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That fire, they said, was red as red as redas red as a fox, your lips, a cherry;that fire, they said spread and spread and spread,faster than a cheetah or a nasty rumour;
The living room remembers Gran dancing to Count Bessie.The kitchen can still hear my aunts fighting on Christmas Day.The hall is worried about the loose banister.
Toothless, she kisseswith fleshy lipsrounded, like mouthof a bottle, all wet
She bruises your facealmost, with twoloving tree-root hands.
Take an apple. Chop it into quarters.Count out three. These represent the lakesthat nestle inside countries, all the snaking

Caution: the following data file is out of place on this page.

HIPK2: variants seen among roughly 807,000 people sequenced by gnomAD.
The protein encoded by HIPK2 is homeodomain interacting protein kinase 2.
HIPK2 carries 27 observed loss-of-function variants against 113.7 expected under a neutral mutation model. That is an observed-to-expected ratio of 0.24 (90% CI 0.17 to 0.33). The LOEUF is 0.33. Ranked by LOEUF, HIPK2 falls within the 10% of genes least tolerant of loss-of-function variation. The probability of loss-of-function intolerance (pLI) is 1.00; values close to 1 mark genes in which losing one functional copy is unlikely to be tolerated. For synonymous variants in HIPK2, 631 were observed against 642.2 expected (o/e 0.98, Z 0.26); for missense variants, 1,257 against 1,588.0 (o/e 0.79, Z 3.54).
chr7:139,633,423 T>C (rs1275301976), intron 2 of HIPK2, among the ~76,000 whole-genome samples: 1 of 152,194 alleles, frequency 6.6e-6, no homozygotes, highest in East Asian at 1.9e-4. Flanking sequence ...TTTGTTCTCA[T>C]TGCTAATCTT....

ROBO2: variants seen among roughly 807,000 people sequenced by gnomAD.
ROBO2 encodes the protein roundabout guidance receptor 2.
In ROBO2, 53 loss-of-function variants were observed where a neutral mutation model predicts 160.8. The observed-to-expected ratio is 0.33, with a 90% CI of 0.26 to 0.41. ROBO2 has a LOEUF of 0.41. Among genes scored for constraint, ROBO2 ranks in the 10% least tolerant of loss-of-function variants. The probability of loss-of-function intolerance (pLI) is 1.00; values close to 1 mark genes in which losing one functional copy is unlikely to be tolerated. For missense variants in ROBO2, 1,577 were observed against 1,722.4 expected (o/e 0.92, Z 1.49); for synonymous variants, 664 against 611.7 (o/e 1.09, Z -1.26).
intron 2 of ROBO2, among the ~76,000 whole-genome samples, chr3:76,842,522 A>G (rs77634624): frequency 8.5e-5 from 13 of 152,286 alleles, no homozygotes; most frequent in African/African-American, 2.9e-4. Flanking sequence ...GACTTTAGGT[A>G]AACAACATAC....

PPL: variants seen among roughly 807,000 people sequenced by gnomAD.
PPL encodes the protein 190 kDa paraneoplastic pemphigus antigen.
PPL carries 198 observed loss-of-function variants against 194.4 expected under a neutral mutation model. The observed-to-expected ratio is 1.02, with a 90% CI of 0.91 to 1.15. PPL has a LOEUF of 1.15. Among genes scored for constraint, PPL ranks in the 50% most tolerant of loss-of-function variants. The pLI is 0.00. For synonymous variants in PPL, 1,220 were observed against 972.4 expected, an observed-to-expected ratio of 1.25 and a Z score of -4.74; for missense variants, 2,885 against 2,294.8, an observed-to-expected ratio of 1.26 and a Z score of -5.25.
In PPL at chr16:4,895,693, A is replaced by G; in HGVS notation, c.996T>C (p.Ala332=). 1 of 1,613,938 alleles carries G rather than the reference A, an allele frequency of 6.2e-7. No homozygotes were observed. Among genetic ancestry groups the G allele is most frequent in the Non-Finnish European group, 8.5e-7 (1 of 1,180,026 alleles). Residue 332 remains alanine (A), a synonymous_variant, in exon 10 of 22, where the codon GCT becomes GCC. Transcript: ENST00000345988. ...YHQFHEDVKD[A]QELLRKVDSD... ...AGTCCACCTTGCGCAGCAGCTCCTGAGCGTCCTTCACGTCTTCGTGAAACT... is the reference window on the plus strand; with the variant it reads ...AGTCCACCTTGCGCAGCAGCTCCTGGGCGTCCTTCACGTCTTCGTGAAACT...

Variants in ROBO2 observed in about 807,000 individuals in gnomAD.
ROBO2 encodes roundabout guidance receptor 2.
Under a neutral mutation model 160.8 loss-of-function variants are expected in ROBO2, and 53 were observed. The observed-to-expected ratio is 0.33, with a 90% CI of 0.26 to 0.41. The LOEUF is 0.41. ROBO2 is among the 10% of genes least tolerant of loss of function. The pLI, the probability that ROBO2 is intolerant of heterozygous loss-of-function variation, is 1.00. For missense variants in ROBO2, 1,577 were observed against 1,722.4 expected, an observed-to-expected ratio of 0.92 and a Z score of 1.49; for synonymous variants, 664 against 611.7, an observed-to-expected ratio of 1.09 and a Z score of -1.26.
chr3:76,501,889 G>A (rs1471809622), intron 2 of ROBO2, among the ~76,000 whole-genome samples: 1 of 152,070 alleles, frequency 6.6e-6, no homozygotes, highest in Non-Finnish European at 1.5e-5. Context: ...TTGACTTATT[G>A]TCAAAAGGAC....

Which can be brushed out long and fineto lie across a pillowor bunched and scrunched into an angryknot of rain before it is undone, when long hanks of it hang
The light through the blind is a poem,
the way it illuminates air.
And the shadows that fall
on the floor and the wall
are signs that a poem is there.
The sea lays big glass hands on the sand,spreading its fingers out as if newto the shore. It can’t quite believe in it.It wants to hold on before the glass breaks.
A plant called loveA plant called hate
I grew them both in my garden.The plant called love was hard work.